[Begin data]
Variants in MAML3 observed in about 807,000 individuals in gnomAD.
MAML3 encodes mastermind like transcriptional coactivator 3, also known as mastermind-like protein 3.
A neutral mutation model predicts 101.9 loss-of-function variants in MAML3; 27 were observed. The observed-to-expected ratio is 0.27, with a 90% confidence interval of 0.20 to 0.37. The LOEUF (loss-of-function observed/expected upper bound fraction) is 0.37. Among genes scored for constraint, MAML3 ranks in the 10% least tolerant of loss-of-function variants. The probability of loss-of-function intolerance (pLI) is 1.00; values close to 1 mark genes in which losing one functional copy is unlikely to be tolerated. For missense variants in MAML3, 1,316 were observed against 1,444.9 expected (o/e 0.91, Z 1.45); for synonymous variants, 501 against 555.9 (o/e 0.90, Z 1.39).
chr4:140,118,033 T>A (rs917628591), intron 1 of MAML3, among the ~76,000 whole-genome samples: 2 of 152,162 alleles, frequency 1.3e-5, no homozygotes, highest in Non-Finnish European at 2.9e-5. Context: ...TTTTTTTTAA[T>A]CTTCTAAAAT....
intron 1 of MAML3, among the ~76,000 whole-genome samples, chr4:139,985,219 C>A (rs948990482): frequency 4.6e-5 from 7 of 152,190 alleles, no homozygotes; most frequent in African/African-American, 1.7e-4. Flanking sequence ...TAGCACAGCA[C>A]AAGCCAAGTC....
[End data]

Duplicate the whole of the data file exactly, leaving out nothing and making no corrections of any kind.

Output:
Variants in MAML3 observed in about 807,000 individuals in gnomAD.
MAML3 encodes mastermind like transcriptional coactivator 3, also known as mastermind-like protein 3.
A neutral mutation model predicts 101.9 loss-of-function variants in MAML3; 27 were observed. The observed-to-expected ratio is 0.27, with a 90% confidence interval of 0.20 to 0.37. The LOEUF (loss-of-function observed/expected upper bound fraction) is 0.37. Among genes scored for constraint, MAML3 ranks in the 10% least tolerant of loss-of-function variants. The probability of loss-of-function intolerance (pLI) is 1.00; values close to 1 mark genes in which losing one functional copy is unlikely to be tolerated. For missense variants in MAML3, 1,316 were observed against 1,444.9 expected (o/e 0.91, Z 1.45); for synonymous variants, 501 against 555.9 (o/e 0.90, Z 1.39).
chr4:140,118,033 T>A (rs917628591), intron 1 of MAML3, among the ~76,000 whole-genome samples: 2 of 152,162 alleles, frequency 1.3e-5, no homozygotes, highest in Non-Finnish European at 2.9e-5. Context: ...TTTTTTTTAA[T>A]CTTCTAAAAT....
intron 1 of MAML3, among the ~76,000 whole-genome samples, chr4:139,985,219 C>A (rs948990482): frequency 4.6e-5 from 7 of 152,190 alleles, no homozygotes; most frequent in African/African-American, 1.7e-4. Flanking sequence ...TAGCACAGCA[C>A]AAGCCAAGTC....